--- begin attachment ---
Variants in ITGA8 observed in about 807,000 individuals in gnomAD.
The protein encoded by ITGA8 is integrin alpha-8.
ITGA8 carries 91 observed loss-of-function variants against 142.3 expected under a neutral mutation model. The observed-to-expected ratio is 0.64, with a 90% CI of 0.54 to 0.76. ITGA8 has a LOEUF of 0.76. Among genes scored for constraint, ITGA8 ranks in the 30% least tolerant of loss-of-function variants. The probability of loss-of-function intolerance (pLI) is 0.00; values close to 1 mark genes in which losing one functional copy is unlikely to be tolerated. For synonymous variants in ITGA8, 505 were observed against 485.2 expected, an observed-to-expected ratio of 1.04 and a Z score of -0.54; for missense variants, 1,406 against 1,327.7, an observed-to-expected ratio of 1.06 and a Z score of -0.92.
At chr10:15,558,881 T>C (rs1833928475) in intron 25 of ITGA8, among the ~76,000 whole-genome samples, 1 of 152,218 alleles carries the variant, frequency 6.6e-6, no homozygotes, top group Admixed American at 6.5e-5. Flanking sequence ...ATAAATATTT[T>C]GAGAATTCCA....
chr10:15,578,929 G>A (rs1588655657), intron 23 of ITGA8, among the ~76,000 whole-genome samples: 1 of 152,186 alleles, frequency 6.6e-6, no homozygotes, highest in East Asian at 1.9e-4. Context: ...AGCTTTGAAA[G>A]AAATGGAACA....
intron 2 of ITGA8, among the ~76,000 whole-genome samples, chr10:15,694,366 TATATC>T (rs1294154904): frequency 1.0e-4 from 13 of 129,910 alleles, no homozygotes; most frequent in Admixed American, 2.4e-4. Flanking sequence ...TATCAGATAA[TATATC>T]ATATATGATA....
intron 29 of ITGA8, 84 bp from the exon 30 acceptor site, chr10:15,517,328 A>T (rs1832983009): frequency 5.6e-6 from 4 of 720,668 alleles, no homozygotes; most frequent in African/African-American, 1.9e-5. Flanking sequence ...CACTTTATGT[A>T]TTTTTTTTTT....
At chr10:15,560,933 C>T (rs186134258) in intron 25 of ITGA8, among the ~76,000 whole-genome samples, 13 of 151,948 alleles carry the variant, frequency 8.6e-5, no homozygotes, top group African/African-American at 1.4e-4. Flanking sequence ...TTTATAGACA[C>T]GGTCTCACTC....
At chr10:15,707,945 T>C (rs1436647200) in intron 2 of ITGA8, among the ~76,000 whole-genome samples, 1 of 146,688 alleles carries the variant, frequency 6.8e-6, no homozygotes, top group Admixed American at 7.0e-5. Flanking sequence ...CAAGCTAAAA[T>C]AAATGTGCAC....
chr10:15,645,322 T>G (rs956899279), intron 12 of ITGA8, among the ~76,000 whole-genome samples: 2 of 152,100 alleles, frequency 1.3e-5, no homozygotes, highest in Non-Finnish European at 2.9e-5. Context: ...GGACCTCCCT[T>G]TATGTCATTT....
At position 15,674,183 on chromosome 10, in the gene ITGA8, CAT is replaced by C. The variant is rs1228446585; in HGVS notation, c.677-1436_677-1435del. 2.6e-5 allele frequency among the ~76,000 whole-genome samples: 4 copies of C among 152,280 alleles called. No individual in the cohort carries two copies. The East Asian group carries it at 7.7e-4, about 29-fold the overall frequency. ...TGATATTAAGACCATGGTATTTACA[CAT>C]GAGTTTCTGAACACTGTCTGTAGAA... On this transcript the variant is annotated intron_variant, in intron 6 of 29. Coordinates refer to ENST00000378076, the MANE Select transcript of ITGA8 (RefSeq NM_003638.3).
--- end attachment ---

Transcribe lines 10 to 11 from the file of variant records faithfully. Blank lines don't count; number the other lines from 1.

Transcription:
chr10:15,645,322 T>G (rs956899279), intron 12 of ITGA8, among the ~76,000 whole-genome samples: 2 of 152,100 alleles, frequency 1.3e-5, no homozygotes, highest in Non-Finnish European at 2.9e-5. Context: ...GGACCTCCCT[T>G]TATGTCATTT....
At position 15,674,183 on chromosome 10, in the gene ITGA8, CAT is replaced by C. The variant is rs1228446585; in HGVS notation, c.677-1436_677-1435del. 2.6e-5 allele frequency among the ~76,000 whole-genome samples: 4 copies of C among 152,280 alleles called. No individual in the cohort carries two copies. The East Asian group carries it at 7.7e-4, about 29-fold the overall frequency. ...TGATATTAAGACCATGGTATTTACA[CAT>C]GAGTTTCTGAACACTGTCTGTAGAA... On this transcript the variant is annotated intron_variant, in intron 6 of 29. Coordinates refer to ENST00000378076, the MANE Select transcript of ITGA8 (RefSeq NM_003638.3).